A sharp groove etched into the Spectra's side and running from directly over the front wheel well all the way to the hindmost portions of the rear quarter panel accentuates its wedge shape. Embedding the door handles in the groove reduces clutter. The added two inches of wheelbase appear to have been dedicated to widening the rear door opening. Clearly defined fender blisters add sportiness to the wheel openings. The beltline beneath the nicely arched side windows grows out of the front fender blister and runs past the rear side window where it draws a distinct line between the car's lower and upper body. An understated rocker panel flares outward beneath the doors, visually pulling the car's body closer to the ground. One stylistic hiccup is the rear fender blister, which isn't as well proportioned to the surrounding body panel as is the front blister and leaves the rear wheel looking undersized. Badging is minimal, confined to a Kia logo centered in the grille and above the rear license plate.
On the sedan, the arched roof flows gently into the deck via a soft, flowing sail panel. Then the back end draws all the various geometrics into a pleasing departure. The backlight (rear windscreen) is more steeply sloped, flowing more smoothly into a shorter deck. The deck lid ends in a sharp crease filling the arc between the large, angular taillights, from which it drops almost vertically from a slight indentation to the fully integrated rear bumper fascia. A large depression scooped out of the vertical trunk panel houses the rear license plate.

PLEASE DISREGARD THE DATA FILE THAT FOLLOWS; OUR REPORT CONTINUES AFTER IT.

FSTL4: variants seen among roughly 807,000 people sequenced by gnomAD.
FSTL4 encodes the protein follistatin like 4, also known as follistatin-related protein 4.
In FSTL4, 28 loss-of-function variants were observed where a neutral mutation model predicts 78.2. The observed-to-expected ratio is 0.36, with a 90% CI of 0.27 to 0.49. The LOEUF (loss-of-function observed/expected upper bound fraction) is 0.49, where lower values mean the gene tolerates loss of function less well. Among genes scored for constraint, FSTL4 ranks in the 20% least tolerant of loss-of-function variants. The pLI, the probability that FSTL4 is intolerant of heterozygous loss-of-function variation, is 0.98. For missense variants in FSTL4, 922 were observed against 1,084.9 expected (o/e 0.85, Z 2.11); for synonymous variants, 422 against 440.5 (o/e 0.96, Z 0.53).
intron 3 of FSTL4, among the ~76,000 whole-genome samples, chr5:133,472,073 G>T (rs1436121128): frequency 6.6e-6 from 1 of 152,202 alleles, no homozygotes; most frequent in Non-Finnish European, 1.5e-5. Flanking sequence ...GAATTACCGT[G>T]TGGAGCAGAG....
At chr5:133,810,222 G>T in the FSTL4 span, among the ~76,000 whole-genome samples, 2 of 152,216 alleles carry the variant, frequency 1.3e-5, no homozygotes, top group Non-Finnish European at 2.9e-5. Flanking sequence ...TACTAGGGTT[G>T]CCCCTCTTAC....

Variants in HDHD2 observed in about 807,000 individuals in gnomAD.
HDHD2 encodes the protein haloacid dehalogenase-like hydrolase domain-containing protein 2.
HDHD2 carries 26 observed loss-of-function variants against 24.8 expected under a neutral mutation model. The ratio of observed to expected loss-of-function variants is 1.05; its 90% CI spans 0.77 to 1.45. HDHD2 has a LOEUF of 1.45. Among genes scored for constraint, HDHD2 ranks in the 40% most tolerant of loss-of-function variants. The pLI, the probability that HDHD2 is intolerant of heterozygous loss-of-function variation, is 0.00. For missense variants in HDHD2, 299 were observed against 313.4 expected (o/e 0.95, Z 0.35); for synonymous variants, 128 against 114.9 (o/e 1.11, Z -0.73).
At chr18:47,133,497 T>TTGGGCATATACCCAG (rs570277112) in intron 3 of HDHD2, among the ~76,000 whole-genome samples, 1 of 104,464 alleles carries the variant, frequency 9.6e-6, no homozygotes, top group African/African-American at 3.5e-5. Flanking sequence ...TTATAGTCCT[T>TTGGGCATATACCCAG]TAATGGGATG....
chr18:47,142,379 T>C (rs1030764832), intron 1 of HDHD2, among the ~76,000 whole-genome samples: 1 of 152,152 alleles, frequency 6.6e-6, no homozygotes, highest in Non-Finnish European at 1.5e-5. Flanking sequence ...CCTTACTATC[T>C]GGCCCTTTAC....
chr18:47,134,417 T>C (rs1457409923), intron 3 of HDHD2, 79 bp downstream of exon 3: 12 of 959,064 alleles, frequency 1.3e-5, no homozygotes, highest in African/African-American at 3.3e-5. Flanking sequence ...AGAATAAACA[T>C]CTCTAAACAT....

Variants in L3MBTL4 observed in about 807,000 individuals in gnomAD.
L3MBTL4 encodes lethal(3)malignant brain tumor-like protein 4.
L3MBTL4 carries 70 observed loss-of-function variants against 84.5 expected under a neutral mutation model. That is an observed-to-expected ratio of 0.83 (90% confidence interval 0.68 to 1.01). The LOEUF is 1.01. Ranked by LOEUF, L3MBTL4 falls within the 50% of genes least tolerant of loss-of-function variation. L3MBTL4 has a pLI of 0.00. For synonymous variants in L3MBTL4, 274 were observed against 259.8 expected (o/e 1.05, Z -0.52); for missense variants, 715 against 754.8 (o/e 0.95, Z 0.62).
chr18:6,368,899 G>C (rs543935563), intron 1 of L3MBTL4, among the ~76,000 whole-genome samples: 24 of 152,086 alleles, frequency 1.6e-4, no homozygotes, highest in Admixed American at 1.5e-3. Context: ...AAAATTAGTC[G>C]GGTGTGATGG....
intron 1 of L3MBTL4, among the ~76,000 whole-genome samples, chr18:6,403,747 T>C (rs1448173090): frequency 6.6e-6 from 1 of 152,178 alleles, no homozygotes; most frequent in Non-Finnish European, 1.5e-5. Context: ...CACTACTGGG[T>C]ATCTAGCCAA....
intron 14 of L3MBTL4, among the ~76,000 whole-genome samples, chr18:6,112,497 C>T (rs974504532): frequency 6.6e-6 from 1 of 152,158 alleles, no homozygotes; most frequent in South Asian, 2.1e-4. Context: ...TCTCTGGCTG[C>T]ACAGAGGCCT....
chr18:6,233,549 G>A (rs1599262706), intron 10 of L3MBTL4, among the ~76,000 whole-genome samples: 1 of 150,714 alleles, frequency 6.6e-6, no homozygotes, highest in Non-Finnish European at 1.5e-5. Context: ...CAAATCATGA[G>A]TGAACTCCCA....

The Spectra5 makes an even bolder statement. It's nearly six inches shorter than the sedan, and exactly the same height; but its roof extends almost to its rear bumper, falling gently in height as it does, and visually separating from the more rapidly declining tops of the windows. The roof finally terminates in a bulky spoiler that looks as if it could actually enhance fuel economy while keeping the rear window clean. As with the popular Volkswagen Golf, there are no quarter windows behind the rear door glass, although on the Spectra5 a black plastic panel visually extends the door windows into the sail panel. The result, in our eyes, is less than aesthetically pleasing, with neither the distinctive identity of the Golf, the breezy style of the Mazda3, nor the sexy sass of the Elantra hatchback offered by Hyundai a few years ago. But Kia says the shape maximizes interior volume.
The Kia Spectra proves that interiors can be stylish and user friendly without being expensive. Its cabin features an organic design that's pleasant to look at. It feels like a compact, but doesn't feel cheap. Everything is easy to operate with no awkward or annoying traits.
Large expanses of textured materials give the Spectra's dash a quality look. The same large expanses make for fewer seams and joints that inevitably will come to squeak as they work against each other, and this, plus good sound deadening, promises quiet times for people riding in the Spectra, a promise the car delivers. Even over rough pavement, only the sounds of tires against road penetrate the cabin. The look is quality, too, with a dark color over a lighter shade, giving the cabin an open feeling while minimizing reflected dash-top glare in the windshield. Door panels are finished with textured plastic panels and soft fabric insets that add to the openness. Splashes of metal-finish trim, including aluminum-trimmed pedals, brighten the interiors of the SX sedan and Spectra5.